The Fallout

There are many reasons why people have children, but the choice to abstain is often seen as a personal attack upon those who do. So why are we so ready to accept that breeding is a woman’s necessarily lot in life?

Firstly, the myth that all women are maternal causes major problems. The logic goes that if women are maternal (replace maternal with feminine, stupid, creative and you have the same problem) then surely someone who isn’t maternal isn’t a real woman? It’s horrible to think that in the 21st century there are still people who consider this to be the case, denying the existence of a wide variety of “types of woman”.

Women more than men are likely to be considered selfish if they choose a career over having children – which is even more unfair when you consider that they would instantly be considered the carer  for any children they did have. But this leads to yet another frustrating assumption: that if you aren’t entirely career-focused then all you are is selfish, hedonistic, even vain – because you aren’t contributing to society as either a breeder or big-earner.

Rags like The Daily Mail take great pleasure in demonising women who don’t have children as selfish, hedonistic, abnormal threats to marital stability, society and the health service. One particularly vicious tirade against child-free women, written by a mother, claims that childless women have no “essential humanity”; that they’re poor employees, incomplete, and just plain weird. Even in politics, where feigning masculinity has been a commonly accepted tactic for women, childlessness has been used as a weapon: just last year Andrea Ledsom tried to sabotage Theresa May’s chances of becoming Prime Minister by suggesting that May’s childlessness meant she had no vested interest in the future of the country.

Out of the many celebrity women who have been pestered about their lack of children, Jennifer Aniston has perhaps had it the worst. Desperate to sell copies, tabloid magazines continually fomented the story that her unwillingness to have children was what drove Brad Pitt into Angelina Jolie’s arms. They’ve taken photos of awkward sitting positions and just-had-a-muffin stomach bulges, speculating over the current occupation status of her womb.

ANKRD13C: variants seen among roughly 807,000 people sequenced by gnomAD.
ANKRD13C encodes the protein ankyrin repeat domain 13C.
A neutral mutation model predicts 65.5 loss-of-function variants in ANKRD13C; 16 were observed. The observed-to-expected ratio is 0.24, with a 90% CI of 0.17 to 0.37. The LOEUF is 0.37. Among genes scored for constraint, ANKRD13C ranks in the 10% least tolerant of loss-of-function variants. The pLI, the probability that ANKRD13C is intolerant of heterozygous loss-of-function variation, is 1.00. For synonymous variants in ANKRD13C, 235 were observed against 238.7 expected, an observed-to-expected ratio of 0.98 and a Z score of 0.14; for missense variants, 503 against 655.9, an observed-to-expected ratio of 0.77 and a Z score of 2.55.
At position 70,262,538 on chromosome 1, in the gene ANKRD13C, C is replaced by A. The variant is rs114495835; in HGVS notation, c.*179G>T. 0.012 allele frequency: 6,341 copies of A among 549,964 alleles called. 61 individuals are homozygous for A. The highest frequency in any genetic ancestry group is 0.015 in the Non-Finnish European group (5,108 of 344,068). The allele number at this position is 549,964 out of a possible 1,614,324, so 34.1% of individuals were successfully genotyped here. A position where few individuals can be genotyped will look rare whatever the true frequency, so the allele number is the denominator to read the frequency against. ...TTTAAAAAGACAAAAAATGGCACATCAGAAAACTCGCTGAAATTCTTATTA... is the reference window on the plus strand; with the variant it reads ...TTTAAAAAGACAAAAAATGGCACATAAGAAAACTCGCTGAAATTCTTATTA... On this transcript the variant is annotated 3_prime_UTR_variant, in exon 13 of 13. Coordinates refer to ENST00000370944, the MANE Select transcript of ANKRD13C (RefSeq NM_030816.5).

And while some like to posture that women need their children, that they’re incomplete without them, Aniston reminds us that it’s possible to mother (i.e. care for, protect) people and pets that you haven’t given birth to.

These awful articles like to posit the idea that childless adults will have no one to look after them once they get older, neglecting to address the fact that very few elderly people are looked after by their children and grandchildren.  Unfortunately, it’s also likely that you’ll procreate but still be left to fend for yourself when you’re older; the advantage the childfree have is that they will have had more chance to save for these years.

Ultimately, trying to rationalise a woman’s need to breed is a futile task. It’s more frequently a combination of personal instinct, core values and serious thought but despite the repercussions, remaining childfree is ethically the least risky path to take. Certainly more so than procreating solely to please others, to fix problems, or to fulfil some perceived notion of womanly and wifely responsibility.

If the human race was dwindling, or on the peak of extinction, then perhaps the decision not to have children would be a selfish one: but right now, in a world which has more than enough human beings to go around and as the concept of family broadens, it seems only fair that women receive the right to bodily autonomy in respect to not just how and when, but if they have children.

So the next time a woman tells you she doesn’t want children, don’t ask her why – don’t try to change her mind, even if you think having children is the bee’s knees. Breeding is a life choice, not an obligation: not to you, the world, or anyone else.